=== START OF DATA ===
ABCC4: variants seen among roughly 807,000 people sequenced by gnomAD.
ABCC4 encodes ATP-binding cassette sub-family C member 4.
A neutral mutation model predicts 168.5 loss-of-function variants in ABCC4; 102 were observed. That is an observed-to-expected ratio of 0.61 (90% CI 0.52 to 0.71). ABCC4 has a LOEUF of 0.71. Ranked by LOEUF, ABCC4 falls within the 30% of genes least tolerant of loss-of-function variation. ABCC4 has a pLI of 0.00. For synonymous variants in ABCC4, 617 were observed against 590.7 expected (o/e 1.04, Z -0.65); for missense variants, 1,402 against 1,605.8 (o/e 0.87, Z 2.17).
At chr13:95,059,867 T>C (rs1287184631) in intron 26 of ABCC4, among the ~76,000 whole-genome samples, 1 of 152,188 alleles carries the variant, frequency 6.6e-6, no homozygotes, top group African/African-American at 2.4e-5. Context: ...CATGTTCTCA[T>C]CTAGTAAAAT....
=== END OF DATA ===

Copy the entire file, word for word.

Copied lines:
ABCC4: variants seen among roughly 807,000 people sequenced by gnomAD.
ABCC4 encodes ATP-binding cassette sub-family C member 4.
A neutral mutation model predicts 168.5 loss-of-function variants in ABCC4; 102 were observed. That is an observed-to-expected ratio of 0.61 (90% CI 0.52 to 0.71). ABCC4 has a LOEUF of 0.71. Ranked by LOEUF, ABCC4 falls within the 30% of genes least tolerant of loss-of-function variation. ABCC4 has a pLI of 0.00. For synonymous variants in ABCC4, 617 were observed against 590.7 expected (o/e 1.04, Z -0.65); for missense variants, 1,402 against 1,605.8 (o/e 0.87, Z 2.17).
At chr13:95,059,867 T>C (rs1287184631) in intron 26 of ABCC4, among the ~76,000 whole-genome samples, 1 of 152,188 alleles carries the variant, frequency 6.6e-6, no homozygotes, top group African/African-American at 2.4e-5. Context: ...CATGTTCTCA[T>C]CTAGTAAAAT....